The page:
Chapter

Exposure measurement

Emily White, Bruce K. Armstrong and Rodolfo Saracci

in Principles of Exposure Measurement in Epidemiology

Second edition

Published in print February 2008 | ISBN: 9780198509851
Published online September 2009 | e-ISBN: 9780191723827 | DOI: https://dx.doi.org/10.1093/acprof:oso/9780198509851.003.0001
Exposure measurement

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This chapter covers the initial steps in exposure measurement that should occur during the planning of an epidemiologic study of the relationship between an exposure (risk factor) and a disease (or other outcome). This process should begin with conceptualizing the true exposure hypothesized to cause the disease. Key issues related to the true exposure include specifying the active agent and determining where in the exposure-disease biologic sequence to measure the exposure. Since the true exposure is often not measurable, the researcher needs to create an operational measure of exposure. This involves determining the appropriate exposure variable (e.g., cumulative dose of the active agent over some aetiologically important time period), the individual items that need to be collected, and the measurement instrument(s). The issues and terminology around defining the most appropriate dose representation and the most critical time window during which the exposure has the greatest effect on disease risk are discussed.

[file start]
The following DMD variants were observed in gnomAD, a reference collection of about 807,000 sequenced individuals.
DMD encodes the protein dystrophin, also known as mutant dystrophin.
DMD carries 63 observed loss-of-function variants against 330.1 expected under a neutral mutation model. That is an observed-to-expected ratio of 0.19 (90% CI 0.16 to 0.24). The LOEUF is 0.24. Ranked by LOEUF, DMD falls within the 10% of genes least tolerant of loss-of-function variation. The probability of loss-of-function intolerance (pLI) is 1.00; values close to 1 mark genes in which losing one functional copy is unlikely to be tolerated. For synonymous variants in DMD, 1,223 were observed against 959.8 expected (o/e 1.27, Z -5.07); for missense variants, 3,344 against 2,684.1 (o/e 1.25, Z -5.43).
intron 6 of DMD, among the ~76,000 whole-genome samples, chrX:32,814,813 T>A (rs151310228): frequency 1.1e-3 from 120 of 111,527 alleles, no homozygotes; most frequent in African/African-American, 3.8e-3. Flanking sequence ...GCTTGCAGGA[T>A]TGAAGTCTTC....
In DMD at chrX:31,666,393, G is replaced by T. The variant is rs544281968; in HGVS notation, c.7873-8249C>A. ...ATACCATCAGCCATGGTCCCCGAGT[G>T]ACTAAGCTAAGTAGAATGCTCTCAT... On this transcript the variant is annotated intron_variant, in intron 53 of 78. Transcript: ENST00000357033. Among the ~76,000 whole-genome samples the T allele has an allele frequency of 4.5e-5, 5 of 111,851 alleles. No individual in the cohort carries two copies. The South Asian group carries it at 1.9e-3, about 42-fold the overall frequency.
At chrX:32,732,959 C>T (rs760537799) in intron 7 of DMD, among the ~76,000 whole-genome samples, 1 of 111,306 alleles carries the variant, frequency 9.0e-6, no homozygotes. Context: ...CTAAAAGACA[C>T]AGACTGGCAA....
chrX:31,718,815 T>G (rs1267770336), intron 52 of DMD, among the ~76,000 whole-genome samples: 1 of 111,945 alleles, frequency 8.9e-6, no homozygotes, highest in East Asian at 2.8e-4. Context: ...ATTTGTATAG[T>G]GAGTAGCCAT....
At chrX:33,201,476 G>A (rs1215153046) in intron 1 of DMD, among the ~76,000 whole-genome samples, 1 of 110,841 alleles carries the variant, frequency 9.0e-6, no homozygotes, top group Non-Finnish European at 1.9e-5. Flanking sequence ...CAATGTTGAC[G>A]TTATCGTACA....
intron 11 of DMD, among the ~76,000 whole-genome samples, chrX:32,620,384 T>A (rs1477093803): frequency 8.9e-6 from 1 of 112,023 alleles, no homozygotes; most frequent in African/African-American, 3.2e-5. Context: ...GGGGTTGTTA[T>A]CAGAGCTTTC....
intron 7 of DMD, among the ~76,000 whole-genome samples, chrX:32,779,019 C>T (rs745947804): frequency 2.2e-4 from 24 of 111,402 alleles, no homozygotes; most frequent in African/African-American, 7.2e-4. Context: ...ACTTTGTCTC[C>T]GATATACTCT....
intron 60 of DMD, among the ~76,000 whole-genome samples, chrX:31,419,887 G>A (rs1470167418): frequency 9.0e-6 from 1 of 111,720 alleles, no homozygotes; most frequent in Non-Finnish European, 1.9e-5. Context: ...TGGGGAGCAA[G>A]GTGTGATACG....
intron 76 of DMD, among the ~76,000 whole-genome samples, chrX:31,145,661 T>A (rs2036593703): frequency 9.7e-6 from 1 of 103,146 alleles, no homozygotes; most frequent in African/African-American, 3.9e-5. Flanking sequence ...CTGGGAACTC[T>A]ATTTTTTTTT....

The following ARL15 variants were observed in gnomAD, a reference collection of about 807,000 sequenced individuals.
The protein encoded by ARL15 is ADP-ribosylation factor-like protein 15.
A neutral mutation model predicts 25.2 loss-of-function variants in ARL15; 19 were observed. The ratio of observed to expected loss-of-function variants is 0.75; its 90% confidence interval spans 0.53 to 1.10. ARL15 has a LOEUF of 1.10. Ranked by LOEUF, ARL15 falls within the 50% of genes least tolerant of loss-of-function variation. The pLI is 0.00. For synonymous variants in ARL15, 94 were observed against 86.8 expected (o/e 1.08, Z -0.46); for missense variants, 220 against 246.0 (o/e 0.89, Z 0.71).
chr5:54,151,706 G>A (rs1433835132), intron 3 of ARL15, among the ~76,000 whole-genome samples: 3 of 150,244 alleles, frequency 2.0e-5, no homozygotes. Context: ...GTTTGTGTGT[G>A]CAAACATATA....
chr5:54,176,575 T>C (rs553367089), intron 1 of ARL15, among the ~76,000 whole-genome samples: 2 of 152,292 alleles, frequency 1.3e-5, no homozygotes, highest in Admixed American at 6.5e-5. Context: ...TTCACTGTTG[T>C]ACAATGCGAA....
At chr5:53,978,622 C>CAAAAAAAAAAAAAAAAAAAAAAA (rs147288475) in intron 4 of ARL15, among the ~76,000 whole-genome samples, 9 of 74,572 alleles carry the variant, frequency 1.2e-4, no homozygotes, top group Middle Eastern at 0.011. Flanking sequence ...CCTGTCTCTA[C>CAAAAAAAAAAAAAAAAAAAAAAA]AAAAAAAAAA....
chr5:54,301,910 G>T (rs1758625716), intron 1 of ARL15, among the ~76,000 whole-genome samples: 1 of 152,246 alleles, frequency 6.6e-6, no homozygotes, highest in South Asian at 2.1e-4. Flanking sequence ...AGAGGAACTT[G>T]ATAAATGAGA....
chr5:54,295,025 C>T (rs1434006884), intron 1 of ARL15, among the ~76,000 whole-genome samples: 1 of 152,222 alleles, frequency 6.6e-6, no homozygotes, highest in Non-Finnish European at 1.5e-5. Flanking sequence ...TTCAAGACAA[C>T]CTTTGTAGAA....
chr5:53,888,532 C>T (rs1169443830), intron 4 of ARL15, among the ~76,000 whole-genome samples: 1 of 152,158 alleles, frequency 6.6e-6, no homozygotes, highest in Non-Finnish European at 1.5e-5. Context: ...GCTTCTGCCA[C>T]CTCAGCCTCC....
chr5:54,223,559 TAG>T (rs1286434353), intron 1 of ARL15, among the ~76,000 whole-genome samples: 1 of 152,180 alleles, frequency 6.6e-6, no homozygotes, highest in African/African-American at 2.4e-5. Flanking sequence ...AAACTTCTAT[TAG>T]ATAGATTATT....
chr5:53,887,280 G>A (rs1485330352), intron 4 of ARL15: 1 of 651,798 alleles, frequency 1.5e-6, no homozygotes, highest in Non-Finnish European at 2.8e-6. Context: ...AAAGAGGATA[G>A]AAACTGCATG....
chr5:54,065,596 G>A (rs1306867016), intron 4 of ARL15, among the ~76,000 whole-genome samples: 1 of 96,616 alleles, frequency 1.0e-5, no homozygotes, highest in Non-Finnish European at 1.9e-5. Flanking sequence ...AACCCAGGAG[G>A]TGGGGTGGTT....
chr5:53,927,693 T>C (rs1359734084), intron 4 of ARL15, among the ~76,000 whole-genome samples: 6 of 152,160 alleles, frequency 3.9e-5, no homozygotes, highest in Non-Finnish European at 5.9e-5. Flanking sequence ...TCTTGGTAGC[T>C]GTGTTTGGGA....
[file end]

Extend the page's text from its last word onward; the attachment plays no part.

Keywords: true exposure; exposure-disease biologic sequence; cumulative dose; exposure time window; critical time period; induction period; latent period; reference date; reverse causality

Chapter.  13932 words.  Illustrated.

Subjects: Public Health and Epidemiology

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